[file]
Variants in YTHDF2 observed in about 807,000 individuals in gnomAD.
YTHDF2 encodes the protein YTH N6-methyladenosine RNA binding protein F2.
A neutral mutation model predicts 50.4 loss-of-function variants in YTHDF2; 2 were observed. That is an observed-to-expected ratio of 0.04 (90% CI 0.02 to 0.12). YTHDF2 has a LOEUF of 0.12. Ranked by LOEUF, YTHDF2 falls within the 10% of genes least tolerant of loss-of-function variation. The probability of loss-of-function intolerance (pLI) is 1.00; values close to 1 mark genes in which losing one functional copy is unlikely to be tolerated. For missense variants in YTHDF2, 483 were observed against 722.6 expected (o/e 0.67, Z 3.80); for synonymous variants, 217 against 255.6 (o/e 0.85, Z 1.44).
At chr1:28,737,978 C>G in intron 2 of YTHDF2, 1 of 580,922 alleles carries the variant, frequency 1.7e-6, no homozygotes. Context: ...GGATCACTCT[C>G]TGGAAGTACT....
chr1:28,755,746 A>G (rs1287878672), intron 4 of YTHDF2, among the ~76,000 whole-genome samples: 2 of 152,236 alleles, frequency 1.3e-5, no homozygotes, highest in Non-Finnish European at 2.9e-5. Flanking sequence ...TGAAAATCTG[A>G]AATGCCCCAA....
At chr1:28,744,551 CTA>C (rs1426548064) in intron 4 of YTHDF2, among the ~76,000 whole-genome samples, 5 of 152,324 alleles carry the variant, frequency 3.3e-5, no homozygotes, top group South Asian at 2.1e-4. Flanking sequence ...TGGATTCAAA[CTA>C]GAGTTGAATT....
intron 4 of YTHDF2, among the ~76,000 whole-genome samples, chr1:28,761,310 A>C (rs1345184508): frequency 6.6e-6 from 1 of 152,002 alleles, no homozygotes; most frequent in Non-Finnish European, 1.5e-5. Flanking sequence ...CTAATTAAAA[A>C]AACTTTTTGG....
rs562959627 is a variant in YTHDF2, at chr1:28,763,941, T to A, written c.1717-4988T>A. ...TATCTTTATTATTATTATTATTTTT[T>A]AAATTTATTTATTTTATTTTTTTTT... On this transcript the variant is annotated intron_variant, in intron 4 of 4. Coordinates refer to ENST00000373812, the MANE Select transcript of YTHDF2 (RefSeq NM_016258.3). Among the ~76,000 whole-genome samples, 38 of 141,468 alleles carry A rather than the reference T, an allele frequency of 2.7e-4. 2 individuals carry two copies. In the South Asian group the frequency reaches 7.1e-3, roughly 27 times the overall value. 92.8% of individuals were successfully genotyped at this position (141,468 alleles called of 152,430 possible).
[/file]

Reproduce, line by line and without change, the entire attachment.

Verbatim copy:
Variants in YTHDF2 observed in about 807,000 individuals in gnomAD.
YTHDF2 encodes the protein YTH N6-methyladenosine RNA binding protein F2.
A neutral mutation model predicts 50.4 loss-of-function variants in YTHDF2; 2 were observed. That is an observed-to-expected ratio of 0.04 (90% CI 0.02 to 0.12). YTHDF2 has a LOEUF of 0.12. Ranked by LOEUF, YTHDF2 falls within the 10% of genes least tolerant of loss-of-function variation. The probability of loss-of-function intolerance (pLI) is 1.00; values close to 1 mark genes in which losing one functional copy is unlikely to be tolerated. For missense variants in YTHDF2, 483 were observed against 722.6 expected (o/e 0.67, Z 3.80); for synonymous variants, 217 against 255.6 (o/e 0.85, Z 1.44).
At chr1:28,737,978 C>G in intron 2 of YTHDF2, 1 of 580,922 alleles carries the variant, frequency 1.7e-6, no homozygotes. Context: ...GGATCACTCT[C>G]TGGAAGTACT....
chr1:28,755,746 A>G (rs1287878672), intron 4 of YTHDF2, among the ~76,000 whole-genome samples: 2 of 152,236 alleles, frequency 1.3e-5, no homozygotes, highest in Non-Finnish European at 2.9e-5. Flanking sequence ...TGAAAATCTG[A>G]AATGCCCCAA....
At chr1:28,744,551 CTA>C (rs1426548064) in intron 4 of YTHDF2, among the ~76,000 whole-genome samples, 5 of 152,324 alleles carry the variant, frequency 3.3e-5, no homozygotes, top group South Asian at 2.1e-4. Flanking sequence ...TGGATTCAAA[CTA>C]GAGTTGAATT....
intron 4 of YTHDF2, among the ~76,000 whole-genome samples, chr1:28,761,310 A>C (rs1345184508): frequency 6.6e-6 from 1 of 152,002 alleles, no homozygotes; most frequent in Non-Finnish European, 1.5e-5. Flanking sequence ...CTAATTAAAA[A>C]AACTTTTTGG....
rs562959627 is a variant in YTHDF2, at chr1:28,763,941, T to A, written c.1717-4988T>A. ...TATCTTTATTATTATTATTATTTTT[T>A]AAATTTATTTATTTTATTTTTTTTT... On this transcript the variant is annotated intron_variant, in intron 4 of 4. Coordinates refer to ENST00000373812, the MANE Select transcript of YTHDF2 (RefSeq NM_016258.3). Among the ~76,000 whole-genome samples, 38 of 141,468 alleles carry A rather than the reference T, an allele frequency of 2.7e-4. 2 individuals carry two copies. In the South Asian group the frequency reaches 7.1e-3, roughly 27 times the overall value. 92.8% of individuals were successfully genotyped at this position (141,468 alleles called of 152,430 possible).